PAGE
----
The Cognitive Bias Checklist
Cognitive biases are mental shortcuts hardwired in your brain that, in the past, helped your ancestors to survive. Although these mental heuristics might have been useful then, today they lead to many errors, sometimes very grave errors.
This post is a non-exhaustive checklist of some biases I think are useful to know. I also try to provide an example of the bias and some questions you might ask yourself to (hopefully) increase your likelihood of dodging it.
Keep in mind, these aren’t blanket statements. Biases are tendencies we have, not something that happens 100% of the time. Also, some of the names of these biases might not be what you call them. Some of them might not even have “bias” in the name. That’s ok. I’ve likely renamed a few just for my own personal taste.
You draw conclusions from things that made it pass some filter and ignore the things that didn’t
In WWII, the US wanted to figure out which parts of the plane to reinforce so that more survived air fights. They looked at the distribution of bullets on all the planes that came back and tried to armor the areas with a higher concentration of bullet holes.
Abraham Wald caught this instance of survivorship bias and told the US to be looking at the planes that didn’t come back, where they found that fatal bullets hit the engines. So they armored up the engines helping to turn the war.
Ask yourself: Do I have the whole dataset or am I drawing conclusions just based on what is visible? Who is missing from the sample population? What could be making this sample population nonrandom relative to the underlying population?
You automatically associate things with painful or pleasurable experiences including liking or disliking something associated with something good or bad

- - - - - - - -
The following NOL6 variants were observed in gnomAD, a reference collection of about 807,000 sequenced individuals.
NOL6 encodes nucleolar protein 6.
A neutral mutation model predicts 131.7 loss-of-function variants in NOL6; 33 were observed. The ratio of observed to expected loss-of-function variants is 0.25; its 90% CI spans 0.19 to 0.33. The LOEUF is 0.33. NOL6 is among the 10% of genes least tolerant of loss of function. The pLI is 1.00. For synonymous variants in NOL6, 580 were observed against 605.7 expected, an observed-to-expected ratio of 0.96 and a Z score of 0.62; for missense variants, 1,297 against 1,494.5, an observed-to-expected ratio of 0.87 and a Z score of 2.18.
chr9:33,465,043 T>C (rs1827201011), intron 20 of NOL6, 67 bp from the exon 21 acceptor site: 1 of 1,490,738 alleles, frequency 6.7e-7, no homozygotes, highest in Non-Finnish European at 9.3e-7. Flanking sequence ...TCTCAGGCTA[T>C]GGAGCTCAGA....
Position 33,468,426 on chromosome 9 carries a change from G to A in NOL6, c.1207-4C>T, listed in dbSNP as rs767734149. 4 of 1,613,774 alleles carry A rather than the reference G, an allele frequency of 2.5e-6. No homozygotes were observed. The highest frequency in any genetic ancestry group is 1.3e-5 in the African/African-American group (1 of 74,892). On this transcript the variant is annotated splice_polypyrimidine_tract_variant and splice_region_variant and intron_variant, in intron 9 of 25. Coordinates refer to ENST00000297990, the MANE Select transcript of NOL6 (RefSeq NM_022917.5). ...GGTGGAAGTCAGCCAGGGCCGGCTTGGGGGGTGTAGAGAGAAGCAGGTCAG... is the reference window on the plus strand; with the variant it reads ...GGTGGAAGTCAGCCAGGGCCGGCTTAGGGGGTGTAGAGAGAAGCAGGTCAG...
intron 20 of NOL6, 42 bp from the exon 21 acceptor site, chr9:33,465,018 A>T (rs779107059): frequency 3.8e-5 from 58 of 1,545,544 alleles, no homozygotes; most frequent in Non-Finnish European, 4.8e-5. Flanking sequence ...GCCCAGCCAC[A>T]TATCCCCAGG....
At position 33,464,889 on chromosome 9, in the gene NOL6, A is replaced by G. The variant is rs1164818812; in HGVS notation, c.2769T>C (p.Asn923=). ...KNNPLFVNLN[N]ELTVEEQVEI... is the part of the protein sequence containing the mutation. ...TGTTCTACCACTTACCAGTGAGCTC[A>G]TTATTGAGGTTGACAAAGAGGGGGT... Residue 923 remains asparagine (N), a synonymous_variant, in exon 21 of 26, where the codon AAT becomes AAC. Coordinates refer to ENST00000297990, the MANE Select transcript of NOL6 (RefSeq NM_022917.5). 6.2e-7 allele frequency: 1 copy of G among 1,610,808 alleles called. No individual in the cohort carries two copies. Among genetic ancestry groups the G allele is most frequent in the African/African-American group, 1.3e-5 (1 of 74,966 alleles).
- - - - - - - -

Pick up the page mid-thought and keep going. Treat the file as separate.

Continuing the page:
Your assistant is always telling you something’s gone wrong. Due to association bias, you start to associate your assistant with bad feelings, even though the problems aren’t ones they created. Don’t shoot the messenger.
Ask yourself: Am I evaluating this thing, situation, or person based on their track record? Am I encouraging people to tell me bad news immediately? Am I separating the event from the association? Do I like their personality just because they’re attractive? Am I mistaking the person’s appearance for reality?
You require more proof for ideas or evidence you don’t want to believe
John isn’t convinced in the theory of evolution by natural selection. You keep showing him incremental stages of fossils but he keeps asking you to find fossils at a stage in between. You do this and he continues to ask.
You reciprocate what others have done for or to you
You got coffee with Jerry today and he paid for it. After a few minutes of talking, he invited you to a rally he was going to. You feel an obligation to go even though you don’t want to. After all, he did just buy you a coffee.
Ask yourself: If I’m about to make a concession, what do I really want to achieve?
You remember selectively and incorrectly including being influenced by different word phrasings (i.e. the framing effect)
David’s upset because his girlfriend seems to only remember his mistakes. In a twist, David tends to only remember the negative things his girlfriend says. They both are guilty of memory bias.
You must choose one of two options:
- A 33% chance of saving all 600 people, 66% possibility of saving no one.
- A 33% chance that no people will die, 66% probability that all 600 will die.
People have a tendency to choose the first since it was positively framed. But in reality, they’re both the same scenario. This framing effect was demonstrated by Amos Tversky and Daniel Kahneman in 1981.